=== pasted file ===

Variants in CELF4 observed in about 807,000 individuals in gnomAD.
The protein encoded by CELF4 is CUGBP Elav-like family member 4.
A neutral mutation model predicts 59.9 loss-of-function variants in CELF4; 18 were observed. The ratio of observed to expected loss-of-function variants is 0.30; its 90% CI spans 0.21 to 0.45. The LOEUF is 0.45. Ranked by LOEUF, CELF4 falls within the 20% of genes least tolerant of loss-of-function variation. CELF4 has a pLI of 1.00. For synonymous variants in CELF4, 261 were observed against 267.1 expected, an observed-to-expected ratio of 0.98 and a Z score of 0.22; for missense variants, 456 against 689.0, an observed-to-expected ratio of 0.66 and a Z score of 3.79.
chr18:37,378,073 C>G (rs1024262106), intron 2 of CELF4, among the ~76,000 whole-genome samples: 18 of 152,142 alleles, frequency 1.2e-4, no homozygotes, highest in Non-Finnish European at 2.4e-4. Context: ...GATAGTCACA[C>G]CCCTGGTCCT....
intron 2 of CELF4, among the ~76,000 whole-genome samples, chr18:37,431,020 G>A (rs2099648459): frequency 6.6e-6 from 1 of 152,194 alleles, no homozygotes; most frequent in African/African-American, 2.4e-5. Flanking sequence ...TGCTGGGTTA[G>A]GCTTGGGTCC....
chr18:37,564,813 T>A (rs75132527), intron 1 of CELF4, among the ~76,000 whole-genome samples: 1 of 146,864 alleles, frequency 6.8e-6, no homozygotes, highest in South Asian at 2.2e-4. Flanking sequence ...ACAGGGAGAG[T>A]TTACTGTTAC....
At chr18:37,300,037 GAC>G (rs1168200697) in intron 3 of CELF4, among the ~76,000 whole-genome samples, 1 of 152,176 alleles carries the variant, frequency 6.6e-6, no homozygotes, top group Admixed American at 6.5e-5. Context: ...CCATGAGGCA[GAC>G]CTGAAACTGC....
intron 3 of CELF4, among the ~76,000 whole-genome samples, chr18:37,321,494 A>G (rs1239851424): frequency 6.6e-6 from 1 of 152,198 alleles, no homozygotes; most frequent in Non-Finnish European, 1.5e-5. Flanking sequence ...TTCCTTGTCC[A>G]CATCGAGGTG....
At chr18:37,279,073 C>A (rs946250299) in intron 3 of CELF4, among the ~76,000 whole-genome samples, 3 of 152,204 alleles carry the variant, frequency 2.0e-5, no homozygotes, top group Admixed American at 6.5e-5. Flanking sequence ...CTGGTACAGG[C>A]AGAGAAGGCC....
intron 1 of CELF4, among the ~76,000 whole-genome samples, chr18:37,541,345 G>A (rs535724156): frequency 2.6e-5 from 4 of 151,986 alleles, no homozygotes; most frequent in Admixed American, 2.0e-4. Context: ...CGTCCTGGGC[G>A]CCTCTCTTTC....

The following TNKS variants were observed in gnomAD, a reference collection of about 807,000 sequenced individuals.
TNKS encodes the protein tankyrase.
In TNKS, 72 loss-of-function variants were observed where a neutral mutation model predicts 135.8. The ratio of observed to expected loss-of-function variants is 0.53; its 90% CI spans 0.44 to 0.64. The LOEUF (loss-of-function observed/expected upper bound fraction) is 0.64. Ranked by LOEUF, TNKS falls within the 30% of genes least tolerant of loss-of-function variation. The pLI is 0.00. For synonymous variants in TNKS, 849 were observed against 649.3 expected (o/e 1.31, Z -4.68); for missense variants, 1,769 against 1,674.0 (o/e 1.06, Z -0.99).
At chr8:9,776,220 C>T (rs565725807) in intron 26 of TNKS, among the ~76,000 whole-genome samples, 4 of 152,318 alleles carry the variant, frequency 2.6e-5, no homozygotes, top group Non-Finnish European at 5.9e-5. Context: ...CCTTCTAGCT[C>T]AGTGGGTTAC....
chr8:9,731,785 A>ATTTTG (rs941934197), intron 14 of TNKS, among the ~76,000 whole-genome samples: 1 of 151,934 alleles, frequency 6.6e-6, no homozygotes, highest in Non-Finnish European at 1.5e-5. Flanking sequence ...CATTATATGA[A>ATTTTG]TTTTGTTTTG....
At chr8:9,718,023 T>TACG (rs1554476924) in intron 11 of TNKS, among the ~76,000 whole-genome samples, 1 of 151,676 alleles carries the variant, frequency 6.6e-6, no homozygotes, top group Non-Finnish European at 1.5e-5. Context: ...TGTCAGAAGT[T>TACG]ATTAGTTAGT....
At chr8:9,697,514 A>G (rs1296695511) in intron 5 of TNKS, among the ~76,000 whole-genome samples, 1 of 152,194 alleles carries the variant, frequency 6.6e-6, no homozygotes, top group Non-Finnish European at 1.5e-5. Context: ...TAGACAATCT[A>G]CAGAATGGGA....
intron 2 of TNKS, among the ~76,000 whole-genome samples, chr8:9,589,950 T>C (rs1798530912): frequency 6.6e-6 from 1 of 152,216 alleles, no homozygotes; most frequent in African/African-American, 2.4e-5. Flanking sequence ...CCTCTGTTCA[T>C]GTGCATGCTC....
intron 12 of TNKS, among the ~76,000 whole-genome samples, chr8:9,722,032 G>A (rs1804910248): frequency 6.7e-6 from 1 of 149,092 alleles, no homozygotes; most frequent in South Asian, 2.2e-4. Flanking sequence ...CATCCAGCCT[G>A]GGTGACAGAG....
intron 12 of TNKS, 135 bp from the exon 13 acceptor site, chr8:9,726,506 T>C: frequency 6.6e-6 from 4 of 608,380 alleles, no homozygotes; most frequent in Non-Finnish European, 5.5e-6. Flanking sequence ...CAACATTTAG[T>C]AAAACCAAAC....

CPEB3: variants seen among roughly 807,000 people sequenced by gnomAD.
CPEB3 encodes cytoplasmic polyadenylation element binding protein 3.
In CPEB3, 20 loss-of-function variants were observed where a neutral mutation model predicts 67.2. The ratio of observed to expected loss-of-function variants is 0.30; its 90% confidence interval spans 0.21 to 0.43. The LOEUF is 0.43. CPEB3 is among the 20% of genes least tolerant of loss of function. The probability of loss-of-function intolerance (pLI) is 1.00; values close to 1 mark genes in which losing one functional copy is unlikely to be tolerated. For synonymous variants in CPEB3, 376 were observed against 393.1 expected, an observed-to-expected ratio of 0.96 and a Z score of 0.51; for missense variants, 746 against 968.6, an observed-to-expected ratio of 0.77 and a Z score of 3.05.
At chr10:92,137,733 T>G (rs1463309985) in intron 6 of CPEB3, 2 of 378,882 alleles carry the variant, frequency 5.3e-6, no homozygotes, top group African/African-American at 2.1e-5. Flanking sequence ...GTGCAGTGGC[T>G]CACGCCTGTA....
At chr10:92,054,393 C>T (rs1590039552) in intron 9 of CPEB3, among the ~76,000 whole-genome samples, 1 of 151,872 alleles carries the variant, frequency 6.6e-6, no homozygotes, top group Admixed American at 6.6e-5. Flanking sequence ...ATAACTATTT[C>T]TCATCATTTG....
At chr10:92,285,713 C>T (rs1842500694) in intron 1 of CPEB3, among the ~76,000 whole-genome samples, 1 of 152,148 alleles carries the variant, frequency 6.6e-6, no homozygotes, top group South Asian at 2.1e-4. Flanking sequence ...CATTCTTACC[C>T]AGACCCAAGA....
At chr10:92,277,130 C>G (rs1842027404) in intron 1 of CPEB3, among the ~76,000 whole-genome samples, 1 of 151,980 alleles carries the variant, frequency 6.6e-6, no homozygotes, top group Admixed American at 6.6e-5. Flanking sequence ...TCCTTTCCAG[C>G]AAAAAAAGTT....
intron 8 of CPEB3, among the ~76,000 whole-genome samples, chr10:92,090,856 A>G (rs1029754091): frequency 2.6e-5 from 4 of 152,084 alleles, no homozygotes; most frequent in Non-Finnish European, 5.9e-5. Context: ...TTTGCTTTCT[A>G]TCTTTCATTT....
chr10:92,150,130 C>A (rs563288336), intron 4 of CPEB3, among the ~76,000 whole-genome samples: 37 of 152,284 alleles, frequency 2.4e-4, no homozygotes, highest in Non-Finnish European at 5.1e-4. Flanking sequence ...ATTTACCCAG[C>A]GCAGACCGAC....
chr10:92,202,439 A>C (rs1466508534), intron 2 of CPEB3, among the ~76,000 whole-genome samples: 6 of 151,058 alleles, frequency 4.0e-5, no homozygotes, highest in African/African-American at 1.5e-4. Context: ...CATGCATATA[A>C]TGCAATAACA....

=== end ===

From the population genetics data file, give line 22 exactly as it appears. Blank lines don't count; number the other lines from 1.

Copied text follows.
CPEB3 encodes cytoplasmic polyadenylation element binding protein 3.